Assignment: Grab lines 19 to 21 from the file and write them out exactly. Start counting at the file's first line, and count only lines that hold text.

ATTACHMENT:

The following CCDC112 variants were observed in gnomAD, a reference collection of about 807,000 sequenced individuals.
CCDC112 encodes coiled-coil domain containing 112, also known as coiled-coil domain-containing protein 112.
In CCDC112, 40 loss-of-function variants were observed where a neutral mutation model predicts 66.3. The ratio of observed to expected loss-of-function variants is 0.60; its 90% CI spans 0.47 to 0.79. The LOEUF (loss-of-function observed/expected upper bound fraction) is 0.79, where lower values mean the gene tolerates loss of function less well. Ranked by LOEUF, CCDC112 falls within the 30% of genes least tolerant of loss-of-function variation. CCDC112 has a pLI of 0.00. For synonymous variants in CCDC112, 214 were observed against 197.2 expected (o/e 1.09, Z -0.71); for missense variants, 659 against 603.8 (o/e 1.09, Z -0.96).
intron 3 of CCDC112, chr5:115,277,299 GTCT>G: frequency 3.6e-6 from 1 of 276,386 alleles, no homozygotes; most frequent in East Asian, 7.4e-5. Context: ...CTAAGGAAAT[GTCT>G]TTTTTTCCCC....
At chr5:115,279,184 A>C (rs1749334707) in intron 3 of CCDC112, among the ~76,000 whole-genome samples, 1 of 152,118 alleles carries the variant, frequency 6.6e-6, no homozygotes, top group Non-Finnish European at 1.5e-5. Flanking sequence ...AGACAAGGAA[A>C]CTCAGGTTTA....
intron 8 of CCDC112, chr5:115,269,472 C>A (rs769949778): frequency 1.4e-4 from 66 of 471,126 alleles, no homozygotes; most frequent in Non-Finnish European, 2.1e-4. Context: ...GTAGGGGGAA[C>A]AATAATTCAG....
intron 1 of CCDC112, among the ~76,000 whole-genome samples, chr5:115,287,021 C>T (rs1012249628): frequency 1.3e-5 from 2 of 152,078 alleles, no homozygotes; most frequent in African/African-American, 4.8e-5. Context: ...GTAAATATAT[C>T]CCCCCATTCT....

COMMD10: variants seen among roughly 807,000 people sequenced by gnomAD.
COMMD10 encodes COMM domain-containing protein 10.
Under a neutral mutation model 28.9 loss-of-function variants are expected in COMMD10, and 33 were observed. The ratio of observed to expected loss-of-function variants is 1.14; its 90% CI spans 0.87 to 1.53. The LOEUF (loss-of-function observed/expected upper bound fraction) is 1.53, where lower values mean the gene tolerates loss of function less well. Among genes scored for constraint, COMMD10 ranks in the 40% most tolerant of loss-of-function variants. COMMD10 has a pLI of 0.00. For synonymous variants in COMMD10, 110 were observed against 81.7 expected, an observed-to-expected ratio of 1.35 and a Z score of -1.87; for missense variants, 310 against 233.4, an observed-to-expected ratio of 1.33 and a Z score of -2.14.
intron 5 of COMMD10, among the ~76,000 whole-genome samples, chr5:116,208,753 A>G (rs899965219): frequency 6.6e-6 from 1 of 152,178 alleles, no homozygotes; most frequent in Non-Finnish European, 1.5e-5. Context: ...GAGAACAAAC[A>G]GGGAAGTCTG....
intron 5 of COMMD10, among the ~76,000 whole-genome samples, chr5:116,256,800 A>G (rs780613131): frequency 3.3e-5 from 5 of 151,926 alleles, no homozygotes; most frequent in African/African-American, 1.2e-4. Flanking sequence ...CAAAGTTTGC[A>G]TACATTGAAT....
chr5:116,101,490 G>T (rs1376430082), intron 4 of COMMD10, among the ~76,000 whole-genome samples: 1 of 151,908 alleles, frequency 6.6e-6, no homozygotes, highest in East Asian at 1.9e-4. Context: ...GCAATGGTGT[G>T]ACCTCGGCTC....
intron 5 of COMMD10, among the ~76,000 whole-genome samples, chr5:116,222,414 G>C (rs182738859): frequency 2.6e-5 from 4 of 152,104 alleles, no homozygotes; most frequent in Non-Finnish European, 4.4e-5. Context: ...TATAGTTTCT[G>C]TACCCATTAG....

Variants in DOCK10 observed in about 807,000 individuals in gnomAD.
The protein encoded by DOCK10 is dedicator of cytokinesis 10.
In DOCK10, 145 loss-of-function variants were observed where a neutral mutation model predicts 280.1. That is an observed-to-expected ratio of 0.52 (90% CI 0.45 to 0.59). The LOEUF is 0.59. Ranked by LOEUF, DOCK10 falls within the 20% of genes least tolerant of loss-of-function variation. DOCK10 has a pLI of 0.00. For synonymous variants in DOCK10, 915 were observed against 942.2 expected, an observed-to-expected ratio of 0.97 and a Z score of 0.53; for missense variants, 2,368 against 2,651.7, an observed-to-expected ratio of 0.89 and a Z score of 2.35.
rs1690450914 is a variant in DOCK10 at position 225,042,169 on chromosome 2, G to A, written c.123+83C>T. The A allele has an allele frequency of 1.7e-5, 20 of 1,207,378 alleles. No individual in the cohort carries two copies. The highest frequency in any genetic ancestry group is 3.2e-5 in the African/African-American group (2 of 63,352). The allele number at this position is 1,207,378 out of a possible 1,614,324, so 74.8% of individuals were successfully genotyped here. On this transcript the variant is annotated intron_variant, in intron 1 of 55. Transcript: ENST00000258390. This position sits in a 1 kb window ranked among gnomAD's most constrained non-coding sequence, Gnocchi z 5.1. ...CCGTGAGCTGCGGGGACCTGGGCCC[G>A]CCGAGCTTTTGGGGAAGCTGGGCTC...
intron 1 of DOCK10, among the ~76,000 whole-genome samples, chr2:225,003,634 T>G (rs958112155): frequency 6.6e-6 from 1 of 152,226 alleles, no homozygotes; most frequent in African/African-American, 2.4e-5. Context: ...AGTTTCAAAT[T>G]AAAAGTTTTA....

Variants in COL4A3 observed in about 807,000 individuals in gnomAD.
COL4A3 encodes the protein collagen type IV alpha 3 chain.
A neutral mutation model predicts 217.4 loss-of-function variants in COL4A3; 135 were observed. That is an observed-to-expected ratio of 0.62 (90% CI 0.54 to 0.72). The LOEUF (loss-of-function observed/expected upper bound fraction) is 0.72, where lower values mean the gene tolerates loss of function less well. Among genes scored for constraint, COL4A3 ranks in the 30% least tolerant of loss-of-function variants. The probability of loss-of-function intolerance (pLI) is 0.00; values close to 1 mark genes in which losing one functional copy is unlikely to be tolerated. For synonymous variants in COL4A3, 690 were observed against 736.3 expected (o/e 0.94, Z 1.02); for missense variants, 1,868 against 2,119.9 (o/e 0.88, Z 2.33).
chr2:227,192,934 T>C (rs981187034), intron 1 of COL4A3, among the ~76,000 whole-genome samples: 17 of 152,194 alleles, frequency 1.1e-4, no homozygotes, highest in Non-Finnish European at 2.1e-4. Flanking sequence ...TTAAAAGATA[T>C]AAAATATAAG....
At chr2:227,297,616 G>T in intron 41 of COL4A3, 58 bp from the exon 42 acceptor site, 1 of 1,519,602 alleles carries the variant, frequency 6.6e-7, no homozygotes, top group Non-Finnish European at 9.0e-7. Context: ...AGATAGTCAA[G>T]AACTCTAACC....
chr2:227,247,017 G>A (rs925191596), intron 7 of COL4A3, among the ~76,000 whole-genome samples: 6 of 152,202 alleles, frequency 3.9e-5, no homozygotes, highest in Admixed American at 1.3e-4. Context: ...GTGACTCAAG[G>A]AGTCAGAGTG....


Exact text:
intron 1 of DOCK10, among the ~76,000 whole-genome samples, chr2:225,003,634 T>G (rs958112155): frequency 6.6e-6 from 1 of 152,226 alleles, no homozygotes; most frequent in African/African-American, 2.4e-5. Context: ...AGTTTCAAAT[T>G]AAAAGTTTTA....

Variants in COL4A3 observed in about 807,000 individuals in gnomAD.
COL4A3 encodes the protein collagen type IV alpha 3 chain.